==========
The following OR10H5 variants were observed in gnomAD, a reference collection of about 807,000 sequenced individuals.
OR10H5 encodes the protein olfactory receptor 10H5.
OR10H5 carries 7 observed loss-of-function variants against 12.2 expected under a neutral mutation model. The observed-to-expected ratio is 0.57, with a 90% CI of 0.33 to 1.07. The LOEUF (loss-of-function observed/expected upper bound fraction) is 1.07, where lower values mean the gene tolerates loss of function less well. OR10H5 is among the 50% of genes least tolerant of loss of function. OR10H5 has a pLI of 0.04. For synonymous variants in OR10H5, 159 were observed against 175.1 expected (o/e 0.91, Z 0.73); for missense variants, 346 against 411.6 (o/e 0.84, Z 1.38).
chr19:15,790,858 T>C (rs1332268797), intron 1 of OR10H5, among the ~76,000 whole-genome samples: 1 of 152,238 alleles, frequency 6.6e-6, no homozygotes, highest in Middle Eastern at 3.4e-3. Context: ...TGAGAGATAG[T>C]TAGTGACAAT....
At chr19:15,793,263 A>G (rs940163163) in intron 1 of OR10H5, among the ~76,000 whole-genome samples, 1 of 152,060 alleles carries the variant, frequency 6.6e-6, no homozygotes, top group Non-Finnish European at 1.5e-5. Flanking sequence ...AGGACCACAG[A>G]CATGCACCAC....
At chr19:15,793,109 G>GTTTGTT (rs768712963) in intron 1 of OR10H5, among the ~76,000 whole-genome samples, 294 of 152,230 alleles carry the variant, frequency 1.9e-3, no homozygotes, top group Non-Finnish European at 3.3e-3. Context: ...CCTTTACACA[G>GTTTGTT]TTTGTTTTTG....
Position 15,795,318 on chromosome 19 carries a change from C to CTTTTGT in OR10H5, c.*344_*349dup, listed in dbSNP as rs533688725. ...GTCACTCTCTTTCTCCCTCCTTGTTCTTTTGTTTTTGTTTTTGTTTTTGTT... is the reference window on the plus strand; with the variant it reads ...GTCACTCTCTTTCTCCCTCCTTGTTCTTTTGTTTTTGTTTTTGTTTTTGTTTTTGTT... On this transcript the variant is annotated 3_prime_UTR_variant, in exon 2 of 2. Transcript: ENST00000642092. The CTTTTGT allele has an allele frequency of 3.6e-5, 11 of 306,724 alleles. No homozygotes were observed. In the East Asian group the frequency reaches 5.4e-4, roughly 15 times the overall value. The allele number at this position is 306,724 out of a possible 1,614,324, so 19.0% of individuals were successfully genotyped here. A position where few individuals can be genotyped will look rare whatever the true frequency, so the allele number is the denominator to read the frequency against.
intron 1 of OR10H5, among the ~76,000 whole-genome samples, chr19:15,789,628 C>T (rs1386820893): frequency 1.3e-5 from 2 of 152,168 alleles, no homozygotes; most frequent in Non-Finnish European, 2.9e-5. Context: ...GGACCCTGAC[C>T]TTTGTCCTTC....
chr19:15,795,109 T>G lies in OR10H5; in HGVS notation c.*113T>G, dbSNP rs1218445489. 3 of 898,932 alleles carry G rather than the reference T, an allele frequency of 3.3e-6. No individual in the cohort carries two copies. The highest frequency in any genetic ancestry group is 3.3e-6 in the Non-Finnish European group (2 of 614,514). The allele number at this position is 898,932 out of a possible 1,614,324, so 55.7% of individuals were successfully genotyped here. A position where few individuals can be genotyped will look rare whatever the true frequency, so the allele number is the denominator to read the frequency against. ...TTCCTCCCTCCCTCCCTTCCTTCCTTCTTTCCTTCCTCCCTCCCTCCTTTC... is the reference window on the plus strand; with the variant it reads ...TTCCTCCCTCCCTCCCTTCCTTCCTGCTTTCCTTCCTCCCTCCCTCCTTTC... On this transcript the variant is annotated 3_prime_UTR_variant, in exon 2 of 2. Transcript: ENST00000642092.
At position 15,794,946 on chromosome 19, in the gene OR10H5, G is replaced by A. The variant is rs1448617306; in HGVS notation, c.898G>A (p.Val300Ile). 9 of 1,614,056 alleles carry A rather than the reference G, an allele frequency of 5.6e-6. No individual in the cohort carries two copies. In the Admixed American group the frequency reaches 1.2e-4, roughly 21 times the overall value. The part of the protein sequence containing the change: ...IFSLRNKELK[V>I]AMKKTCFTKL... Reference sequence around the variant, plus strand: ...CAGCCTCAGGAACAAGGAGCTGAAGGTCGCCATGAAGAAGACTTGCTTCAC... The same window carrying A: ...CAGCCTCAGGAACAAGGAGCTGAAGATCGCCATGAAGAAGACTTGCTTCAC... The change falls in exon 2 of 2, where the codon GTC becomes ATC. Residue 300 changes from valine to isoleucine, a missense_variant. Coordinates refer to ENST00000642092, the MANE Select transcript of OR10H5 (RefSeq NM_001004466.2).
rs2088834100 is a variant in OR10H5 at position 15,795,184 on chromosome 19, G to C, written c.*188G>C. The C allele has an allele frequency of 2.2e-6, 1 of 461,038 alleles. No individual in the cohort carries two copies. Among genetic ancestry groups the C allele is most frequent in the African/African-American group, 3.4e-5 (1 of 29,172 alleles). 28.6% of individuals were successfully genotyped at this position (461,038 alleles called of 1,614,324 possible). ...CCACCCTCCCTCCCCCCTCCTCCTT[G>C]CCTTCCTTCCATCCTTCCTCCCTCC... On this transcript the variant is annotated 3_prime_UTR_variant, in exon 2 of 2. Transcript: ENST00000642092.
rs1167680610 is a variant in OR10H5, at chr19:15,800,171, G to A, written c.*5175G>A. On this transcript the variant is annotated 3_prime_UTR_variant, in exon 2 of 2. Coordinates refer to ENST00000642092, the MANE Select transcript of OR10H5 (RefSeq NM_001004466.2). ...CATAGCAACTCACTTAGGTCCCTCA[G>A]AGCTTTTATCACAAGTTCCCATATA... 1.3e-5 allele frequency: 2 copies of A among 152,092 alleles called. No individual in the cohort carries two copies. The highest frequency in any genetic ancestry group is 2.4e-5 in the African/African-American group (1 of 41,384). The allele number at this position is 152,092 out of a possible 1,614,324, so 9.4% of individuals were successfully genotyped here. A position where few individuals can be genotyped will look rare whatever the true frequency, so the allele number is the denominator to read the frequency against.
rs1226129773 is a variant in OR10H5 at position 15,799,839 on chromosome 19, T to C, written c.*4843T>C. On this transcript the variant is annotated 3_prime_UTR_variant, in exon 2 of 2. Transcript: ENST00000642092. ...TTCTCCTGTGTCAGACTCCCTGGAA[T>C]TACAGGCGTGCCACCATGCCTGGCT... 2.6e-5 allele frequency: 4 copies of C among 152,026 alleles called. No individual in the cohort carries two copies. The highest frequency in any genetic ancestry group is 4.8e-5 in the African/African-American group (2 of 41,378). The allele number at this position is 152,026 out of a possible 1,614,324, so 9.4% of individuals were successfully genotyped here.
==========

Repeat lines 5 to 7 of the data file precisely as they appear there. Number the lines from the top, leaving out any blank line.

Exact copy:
At chr19:15,793,263 A>G (rs940163163) in intron 1 of OR10H5, among the ~76,000 whole-genome samples, 1 of 152,060 alleles carries the variant, frequency 6.6e-6, no homozygotes, top group Non-Finnish European at 1.5e-5. Flanking sequence ...AGGACCACAG[A>G]CATGCACCAC....
At chr19:15,793,109 G>GTTTGTT (rs768712963) in intron 1 of OR10H5, among the ~76,000 whole-genome samples, 294 of 152,230 alleles carry the variant, frequency 1.9e-3, no homozygotes, top group Non-Finnish European at 3.3e-3. Context: ...CCTTTACACA[G>GTTTGTT]TTTGTTTTTG....
Position 15,795,318 on chromosome 19 carries a change from C to CTTTTGT in OR10H5, c.*344_*349dup, listed in dbSNP as rs533688725. ...GTCACTCTCTTTCTCCCTCCTTGTTCTTTTGTTTTTGTTTTTGTTTTTGTT... is the reference window on the plus strand; with the variant it reads ...GTCACTCTCTTTCTCCCTCCTTGTTCTTTTGTTTTTGTTTTTGTTTTTGTTTTTGTT... On this transcript the variant is annotated 3_prime_UTR_variant, in exon 2 of 2. Transcript: ENST00000642092. The CTTTTGT allele has an allele frequency of 3.6e-5, 11 of 306,724 alleles. No homozygotes were observed. In the East Asian group the frequency reaches 5.4e-4, roughly 15 times the overall value. The allele number at this position is 306,724 out of a possible 1,614,324, so 19.0% of individuals were successfully genotyped here. A position where few individuals can be genotyped will look rare whatever the true frequency, so the allele number is the denominator to read the frequency against.